Her life began at the moment of President Bush’s peak of popularity, when he stepped beyond his partisan alliances and delivered words to a grieving nation. Now, a decade later, President Obama has stepped up for his turn to console us, calm us, empathize with us and inspire us.

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It's A Free Country ®

Share: 'Ways Our Hopes and Dreams are Bound Together'

Thursday, January 13, 2011

I thought we might take the opportunity to take the president up on a challenge he posed in his speech in Tucson:

 

Rather than pointing fingers or assigning blame, let us use this occasion to expand our moral imaginations, to listen to each other more carefully, to sharpen our instincts for empathy, and remind ourselves of all the ways our hopes and dreams are bound together.

President Barack Obama

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It's A Free Country ®

VIDEO: President Obama's Speech in Tucson

Wednesday, January 12, 2011

President Barack Obama spoke in Tucson, Arizona, on Wednesday night.

Share your thoughts on Obama's speech: will the tragedy in Tucson change the tenor of the American political debate?

Comments [16]

It's A Free Blog

Remembering Clinton's Comforting Words after Oklahoma City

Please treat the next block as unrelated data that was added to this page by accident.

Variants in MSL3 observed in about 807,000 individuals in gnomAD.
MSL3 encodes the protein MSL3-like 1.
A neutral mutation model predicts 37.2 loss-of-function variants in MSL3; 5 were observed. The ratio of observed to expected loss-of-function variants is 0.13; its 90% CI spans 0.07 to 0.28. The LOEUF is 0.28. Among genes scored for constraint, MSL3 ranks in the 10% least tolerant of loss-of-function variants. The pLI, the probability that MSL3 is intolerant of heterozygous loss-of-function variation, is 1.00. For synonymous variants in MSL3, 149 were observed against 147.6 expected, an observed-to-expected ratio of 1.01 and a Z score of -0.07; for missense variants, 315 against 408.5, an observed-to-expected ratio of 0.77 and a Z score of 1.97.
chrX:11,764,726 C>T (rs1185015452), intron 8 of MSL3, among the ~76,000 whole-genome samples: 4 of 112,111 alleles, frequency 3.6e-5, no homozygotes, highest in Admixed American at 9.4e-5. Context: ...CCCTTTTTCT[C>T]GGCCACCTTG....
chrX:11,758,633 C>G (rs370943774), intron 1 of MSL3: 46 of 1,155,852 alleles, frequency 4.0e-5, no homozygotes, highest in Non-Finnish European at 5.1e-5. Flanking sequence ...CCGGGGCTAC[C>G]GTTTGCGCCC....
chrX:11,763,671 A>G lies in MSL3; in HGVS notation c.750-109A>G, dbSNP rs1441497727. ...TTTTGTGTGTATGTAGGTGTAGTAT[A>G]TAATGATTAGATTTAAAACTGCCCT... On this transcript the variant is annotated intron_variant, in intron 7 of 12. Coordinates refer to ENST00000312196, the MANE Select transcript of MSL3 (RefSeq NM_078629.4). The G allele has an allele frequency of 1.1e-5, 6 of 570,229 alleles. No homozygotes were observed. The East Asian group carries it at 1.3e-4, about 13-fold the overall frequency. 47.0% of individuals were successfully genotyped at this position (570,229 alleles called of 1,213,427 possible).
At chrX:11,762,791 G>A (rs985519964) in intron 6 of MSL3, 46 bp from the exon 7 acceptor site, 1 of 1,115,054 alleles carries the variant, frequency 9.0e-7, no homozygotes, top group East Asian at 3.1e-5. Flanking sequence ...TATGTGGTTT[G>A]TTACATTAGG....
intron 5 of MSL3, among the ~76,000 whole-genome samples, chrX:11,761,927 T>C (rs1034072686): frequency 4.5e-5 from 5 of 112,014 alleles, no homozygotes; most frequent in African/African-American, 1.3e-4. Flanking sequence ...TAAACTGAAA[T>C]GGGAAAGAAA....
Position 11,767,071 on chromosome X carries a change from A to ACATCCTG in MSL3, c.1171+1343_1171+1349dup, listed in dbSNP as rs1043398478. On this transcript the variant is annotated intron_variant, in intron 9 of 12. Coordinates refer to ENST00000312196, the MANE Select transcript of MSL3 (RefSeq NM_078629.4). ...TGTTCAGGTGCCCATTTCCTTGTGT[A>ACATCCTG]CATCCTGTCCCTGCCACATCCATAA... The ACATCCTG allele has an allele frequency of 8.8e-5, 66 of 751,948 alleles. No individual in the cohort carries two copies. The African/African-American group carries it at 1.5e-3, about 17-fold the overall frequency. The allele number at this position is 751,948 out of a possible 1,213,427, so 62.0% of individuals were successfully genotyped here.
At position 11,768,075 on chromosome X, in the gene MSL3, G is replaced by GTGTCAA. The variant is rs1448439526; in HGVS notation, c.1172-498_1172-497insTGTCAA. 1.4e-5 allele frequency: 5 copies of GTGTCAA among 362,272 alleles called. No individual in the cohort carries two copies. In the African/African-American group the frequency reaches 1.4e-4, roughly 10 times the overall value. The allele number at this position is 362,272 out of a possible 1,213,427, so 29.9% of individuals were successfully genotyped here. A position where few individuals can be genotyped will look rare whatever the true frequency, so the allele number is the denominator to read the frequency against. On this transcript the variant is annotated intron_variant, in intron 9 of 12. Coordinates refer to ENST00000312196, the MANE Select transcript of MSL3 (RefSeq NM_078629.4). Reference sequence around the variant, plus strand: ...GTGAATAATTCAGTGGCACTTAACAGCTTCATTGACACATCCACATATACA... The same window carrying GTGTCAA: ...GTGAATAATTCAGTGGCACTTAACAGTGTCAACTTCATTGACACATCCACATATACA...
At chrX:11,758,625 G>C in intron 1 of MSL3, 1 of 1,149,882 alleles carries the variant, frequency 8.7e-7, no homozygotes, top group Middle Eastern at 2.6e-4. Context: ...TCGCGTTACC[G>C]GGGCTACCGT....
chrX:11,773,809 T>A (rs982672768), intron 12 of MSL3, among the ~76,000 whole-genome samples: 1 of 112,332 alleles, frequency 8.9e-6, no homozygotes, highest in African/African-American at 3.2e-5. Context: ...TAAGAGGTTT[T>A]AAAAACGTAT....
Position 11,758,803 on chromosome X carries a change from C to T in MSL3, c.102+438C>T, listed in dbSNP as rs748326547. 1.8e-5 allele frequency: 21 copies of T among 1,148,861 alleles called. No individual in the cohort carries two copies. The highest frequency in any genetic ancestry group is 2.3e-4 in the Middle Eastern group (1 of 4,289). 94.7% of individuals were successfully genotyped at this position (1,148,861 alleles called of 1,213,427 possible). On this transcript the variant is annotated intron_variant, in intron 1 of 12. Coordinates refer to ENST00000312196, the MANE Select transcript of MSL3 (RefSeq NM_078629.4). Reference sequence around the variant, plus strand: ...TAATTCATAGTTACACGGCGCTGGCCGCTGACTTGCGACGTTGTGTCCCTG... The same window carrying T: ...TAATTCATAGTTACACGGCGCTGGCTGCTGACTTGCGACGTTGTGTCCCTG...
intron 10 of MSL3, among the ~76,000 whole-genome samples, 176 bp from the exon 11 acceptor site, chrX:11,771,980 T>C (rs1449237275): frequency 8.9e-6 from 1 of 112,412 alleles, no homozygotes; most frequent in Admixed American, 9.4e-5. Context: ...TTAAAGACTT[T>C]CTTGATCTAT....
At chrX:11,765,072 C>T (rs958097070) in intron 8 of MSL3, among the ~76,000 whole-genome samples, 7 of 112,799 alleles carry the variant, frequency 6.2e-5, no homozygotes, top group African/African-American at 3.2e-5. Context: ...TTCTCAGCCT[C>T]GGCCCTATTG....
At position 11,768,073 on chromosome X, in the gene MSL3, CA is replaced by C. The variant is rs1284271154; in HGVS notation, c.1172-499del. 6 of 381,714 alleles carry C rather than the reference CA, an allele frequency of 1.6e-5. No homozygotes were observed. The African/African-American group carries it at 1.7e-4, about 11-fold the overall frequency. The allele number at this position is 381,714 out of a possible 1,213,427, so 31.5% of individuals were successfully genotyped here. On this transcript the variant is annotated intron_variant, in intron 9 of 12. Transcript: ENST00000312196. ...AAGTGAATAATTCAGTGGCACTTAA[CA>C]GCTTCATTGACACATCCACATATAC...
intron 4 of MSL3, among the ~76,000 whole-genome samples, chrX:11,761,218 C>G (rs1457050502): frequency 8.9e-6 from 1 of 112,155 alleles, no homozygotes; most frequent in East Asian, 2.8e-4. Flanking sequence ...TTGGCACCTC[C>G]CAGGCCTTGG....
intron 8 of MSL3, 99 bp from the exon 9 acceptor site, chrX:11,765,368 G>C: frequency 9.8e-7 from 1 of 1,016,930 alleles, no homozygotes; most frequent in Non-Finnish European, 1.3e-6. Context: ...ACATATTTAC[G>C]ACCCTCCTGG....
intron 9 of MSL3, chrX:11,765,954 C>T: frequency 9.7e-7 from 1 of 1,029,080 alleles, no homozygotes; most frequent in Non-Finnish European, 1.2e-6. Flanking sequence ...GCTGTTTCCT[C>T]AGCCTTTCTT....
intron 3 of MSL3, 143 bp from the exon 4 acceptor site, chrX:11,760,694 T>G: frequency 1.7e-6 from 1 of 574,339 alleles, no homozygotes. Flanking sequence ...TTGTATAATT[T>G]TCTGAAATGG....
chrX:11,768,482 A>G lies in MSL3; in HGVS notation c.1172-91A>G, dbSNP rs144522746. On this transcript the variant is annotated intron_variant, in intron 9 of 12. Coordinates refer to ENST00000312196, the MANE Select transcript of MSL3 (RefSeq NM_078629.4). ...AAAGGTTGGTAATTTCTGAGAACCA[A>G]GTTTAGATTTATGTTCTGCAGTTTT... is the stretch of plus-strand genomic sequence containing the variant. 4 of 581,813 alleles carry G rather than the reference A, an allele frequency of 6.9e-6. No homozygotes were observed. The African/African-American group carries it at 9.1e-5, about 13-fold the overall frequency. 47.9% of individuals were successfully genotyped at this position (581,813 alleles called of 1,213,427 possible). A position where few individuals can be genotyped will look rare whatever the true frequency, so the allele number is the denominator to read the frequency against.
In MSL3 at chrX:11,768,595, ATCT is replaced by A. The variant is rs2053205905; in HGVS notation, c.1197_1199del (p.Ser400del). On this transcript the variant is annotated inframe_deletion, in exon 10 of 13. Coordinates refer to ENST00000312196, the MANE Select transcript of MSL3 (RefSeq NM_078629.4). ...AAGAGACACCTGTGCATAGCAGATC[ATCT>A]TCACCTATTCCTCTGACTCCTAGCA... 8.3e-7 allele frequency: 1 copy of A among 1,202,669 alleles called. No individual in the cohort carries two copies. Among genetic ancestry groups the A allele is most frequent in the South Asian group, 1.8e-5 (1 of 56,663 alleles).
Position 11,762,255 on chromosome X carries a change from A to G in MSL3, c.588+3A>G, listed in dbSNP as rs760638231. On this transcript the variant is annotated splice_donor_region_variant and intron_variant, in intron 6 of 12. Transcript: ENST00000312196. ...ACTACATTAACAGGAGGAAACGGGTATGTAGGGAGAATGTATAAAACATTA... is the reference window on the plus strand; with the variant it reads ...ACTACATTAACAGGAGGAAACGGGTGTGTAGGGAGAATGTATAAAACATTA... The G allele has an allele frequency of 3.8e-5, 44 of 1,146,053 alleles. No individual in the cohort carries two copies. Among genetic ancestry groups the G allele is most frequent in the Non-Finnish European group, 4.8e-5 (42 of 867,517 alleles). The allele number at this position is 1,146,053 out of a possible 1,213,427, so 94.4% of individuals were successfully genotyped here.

Wednesday, January 12, 2011

I had just left my job in the Clinton administration. It was a spring morning. April 19, 1995. A bomb went off at the Alfred P. Murrah building in Oklahoma City.

I did not know, at that moment, what a big part of my professional life that event would become — the first major news story of my journalism career; the many months I would spend in Denver covering the two federal trials of Timothy McVeigh and Terry Nichols; and the execution of McVeigh another three years after that. All I knew in April 1995 was that 168 people were dead. 19 of them were children. And we knew that this was the worst act of domestic terrorism on U.S. soil, ever.

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It's A Free Country ®

Comments Roundup: Palin's 'Blood Libel' Remarks

Wednesday, January 12, 2011

Sarah Palin made headlines this morning by saying that she was the victim of "blood libel." In the wake of the tragic Arizona shootings this past weekend, Palin has drawn heat for her previous use of gun-related imagery in speeches, and for releasing a map that featured a cross-hair symbol over Rep. Gabrielle Giffords' district. In a video statement, Palin dismissed her critics for attributing Jared Lee Loughner's actions to Tea Party rhetoric. That set off a flurry of commenting on the It's a Free Country message boards.

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WNYC News

Palin's Use of 'Blood Libel' Draws Ire

Wednesday, January 12, 2011

Sarah Palin has spoken up about the Arizona shootings that killed six and seriously wounded 14 others, including Rep. Gabrielle Giffords.

Comments [1]

The Takeaway

Sarah Palin Sparks Controversy with 'Blood Libel' Video

Wednesday, January 12, 2011

Sarah Palin released a video today in response to criticism that her rhetoric might have had some role in Saturday's Tucson shooting. It's the first time that she's spoken out publicly since the tragedy and her choice of words is causing controversy: She accused pundits and journalists of "blood libel" in what she described as their rush to blame political rhetoric for the attack.

Does Sarah Palin have a point about the connection between rhetoric and an attack like this? How much do you think rhetoric is to blame?

Here's what Palin said: